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andreedasso

Flat Feet In Adults

Overview

Have you noticed that the medial arch of your foot is becoming flatter when you walk? You may be developing adult acquired flat foot. This condition is typically caused by a problem with a tendon on the medial side of your foot called the Posterior Tibial Tendon that is not functioning well. You may experience pain in the inner side of your foot when you walk. The affected foot appears to roll outwards (the sole of the foot is trying to face outwards) when you walk. This is called over-pronation of the foot. The back of your heel may start to point outwards (heel valgus). Over time you may lose the ability to tip toe on that foot as the posterior tibial tendon stretches out and it may eventually tear.Flat Foot



Causes

There are numerous causes of acquired adult flatfoot, including fracture or dislocation, tendon laceration, tarsal coalition, arthritis, neuroarthropathy, neurologic weakness, and iatrogenic causes. The most common cause of acquired adult flatfoot is posterior tibial tendon dysfunction.



Symptoms

The symptoms of PTTD may include pain, swelling, a flattening of the arch, and an inward rolling of the ankle. As the condition progresses, the symptoms will change. For example, when PTTD initially develops, there is pain on the inside of the foot and ankle (along the course of the tendon). In addition, the area may be red, warm, and swollen. Later, as the arch begins to flatten, there may still be pain on the inside of the foot and ankle. But at this point, the foot and toes begin to turn outward and the ankle rolls inward. As PTTD becomes more advanced, the arch flattens even more and the pain often shifts to the outside of the foot, below the ankle. The tendon has deteriorated considerably and arthritis often develops in the foot. In more severe cases, arthritis may also develop in the ankle.



Diagnosis

In the early stages of dysfunction of the posterior tibial tendon, most of the discomfort is located medially along the course of the tendon and the patient reports fatigue and aching on the plantar-medial aspect of the foot and ankle. Swelling is common if the dysfunction is associated with tenosynovitis. As dysfunction of the tendon progresses, maximum pain occurs laterally in the sinus tarsi because of impingement of the fibula against the calcaneus. With increasing deformity, patients report that the shape of the foot changes and that it becomes increasingly difficult to wear shoes. Many patients no longer report pain in the medial part of the foot and ankle after a complete rupture of the posterior tibial tendon has occurred; instead, the pain is located laterally. If a fixed deformity has not occurred, the patient may report that standing or walking with the hindfoot slightly inverted alleviates the lateral impingement and relieves the pain in the lateral part of the foot.



Non surgical Treatment

Medical or nonoperative therapy for posterior tibial tendon dysfunction involves rest, immobilization, nonsteroidal anti-inflammatory medication, physical therapy, orthotics, and bracing. This treatment is especially attractive for patients who are elderly, who place low demands on the tendon, and who may have underlying medical problems that preclude operative intervention. During stage 1 posterior tibial tendon dysfunction, pain, rather than deformity, predominates. Cast immobilization is indicated for acute tenosynovitis of the posterior tibial tendon or for patients whose main presenting feature is chronic pain along the tendon sheath. A well-molded short leg walking cast or removable cast boot should be used for 6-8 weeks. Weight bearing is permitted if the patient is able to ambulate without pain. If improvement is noted, the patient then may be placed in custom full-length semirigid orthotics. The patient may then be referred to physical therapy for stretching of the Achilles tendon and strengthening of the posterior tibial tendon. Steroid injection into the posterior tibial tendon sheath is not recommended due to the possibility of causing a tendon rupture. In stage 2 dysfunction, a painful flexible deformity develops, and more control of hindfoot motion is required. In these cases, a rigid University of California at Berkley (UCBL) orthosis or short articulated ankle-foot orthosis (AFO) is indicated. Once a rigid flatfoot deformity develops, as in stage 3 or 4, bracing is extended above the ankle with a molded AFO, double upright brace, or patellar-tendon-bearing brace. The goals of this treatment are to accommodate the deformity, prevent or slow further collapse, and improve walking ability by transferring load to the proximal leg away from the collapsed medial midfoot and heel.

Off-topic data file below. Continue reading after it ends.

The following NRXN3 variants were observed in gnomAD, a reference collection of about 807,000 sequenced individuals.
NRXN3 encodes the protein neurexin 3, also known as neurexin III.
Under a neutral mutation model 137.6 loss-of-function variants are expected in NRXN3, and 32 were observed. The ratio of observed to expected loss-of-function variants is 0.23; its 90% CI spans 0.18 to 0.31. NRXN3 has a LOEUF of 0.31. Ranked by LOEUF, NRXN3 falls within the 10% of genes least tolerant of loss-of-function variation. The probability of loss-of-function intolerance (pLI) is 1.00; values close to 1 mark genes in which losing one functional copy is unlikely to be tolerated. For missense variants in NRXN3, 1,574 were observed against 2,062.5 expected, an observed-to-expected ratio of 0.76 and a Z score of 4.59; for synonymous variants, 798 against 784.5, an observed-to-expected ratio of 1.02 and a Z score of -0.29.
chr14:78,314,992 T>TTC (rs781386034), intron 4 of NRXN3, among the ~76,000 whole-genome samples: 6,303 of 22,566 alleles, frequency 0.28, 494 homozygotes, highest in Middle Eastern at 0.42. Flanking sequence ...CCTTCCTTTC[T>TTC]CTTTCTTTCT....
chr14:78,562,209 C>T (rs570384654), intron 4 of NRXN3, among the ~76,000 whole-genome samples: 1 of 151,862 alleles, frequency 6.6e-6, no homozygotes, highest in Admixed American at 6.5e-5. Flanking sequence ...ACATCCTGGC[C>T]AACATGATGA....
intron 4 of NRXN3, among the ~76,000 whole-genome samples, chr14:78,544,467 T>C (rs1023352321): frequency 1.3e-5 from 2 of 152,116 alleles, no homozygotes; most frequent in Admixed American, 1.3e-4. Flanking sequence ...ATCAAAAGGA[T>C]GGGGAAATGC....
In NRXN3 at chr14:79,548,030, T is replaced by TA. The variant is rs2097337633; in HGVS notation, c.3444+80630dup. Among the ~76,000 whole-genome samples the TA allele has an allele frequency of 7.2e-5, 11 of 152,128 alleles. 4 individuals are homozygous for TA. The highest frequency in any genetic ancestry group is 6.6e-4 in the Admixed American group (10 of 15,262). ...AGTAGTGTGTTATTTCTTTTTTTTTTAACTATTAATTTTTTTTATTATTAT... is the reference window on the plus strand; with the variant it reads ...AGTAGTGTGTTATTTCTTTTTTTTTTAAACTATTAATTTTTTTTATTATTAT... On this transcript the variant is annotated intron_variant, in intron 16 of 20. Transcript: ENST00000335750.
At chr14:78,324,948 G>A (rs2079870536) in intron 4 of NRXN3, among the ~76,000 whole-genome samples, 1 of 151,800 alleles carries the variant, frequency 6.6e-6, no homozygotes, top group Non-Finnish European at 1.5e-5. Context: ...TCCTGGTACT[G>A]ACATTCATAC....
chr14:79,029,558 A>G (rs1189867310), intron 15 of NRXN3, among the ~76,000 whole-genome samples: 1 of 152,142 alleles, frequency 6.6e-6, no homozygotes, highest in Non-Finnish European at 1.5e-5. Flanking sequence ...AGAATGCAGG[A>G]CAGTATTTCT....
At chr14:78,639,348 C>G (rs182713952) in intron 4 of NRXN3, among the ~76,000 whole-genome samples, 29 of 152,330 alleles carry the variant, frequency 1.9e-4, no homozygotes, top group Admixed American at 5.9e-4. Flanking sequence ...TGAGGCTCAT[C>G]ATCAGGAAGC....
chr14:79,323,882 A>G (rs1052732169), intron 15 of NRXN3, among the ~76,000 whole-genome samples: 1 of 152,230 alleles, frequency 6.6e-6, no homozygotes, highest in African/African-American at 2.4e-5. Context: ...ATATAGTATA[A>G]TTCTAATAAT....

Adult Acquired Flat Feet



Surgical Treatment

Types of surgery your orthopaedist may discuss with you include arthrodesis, or welding (fusing) one or more of the bones in the foot/ankle together. Osteotomy, or cutting and reshaping a bone to correct alignment. Excision, or removing a bone or bone spur. Synovectomy, or cleaning the sheath covering a tendon. Tendon transfer, or using a piece of one tendon to lengthen or replace another. Having flat feet is a serious matter. If you are experiencing foot pain and think it may be related to flat feet, talk to your orthopaedist.

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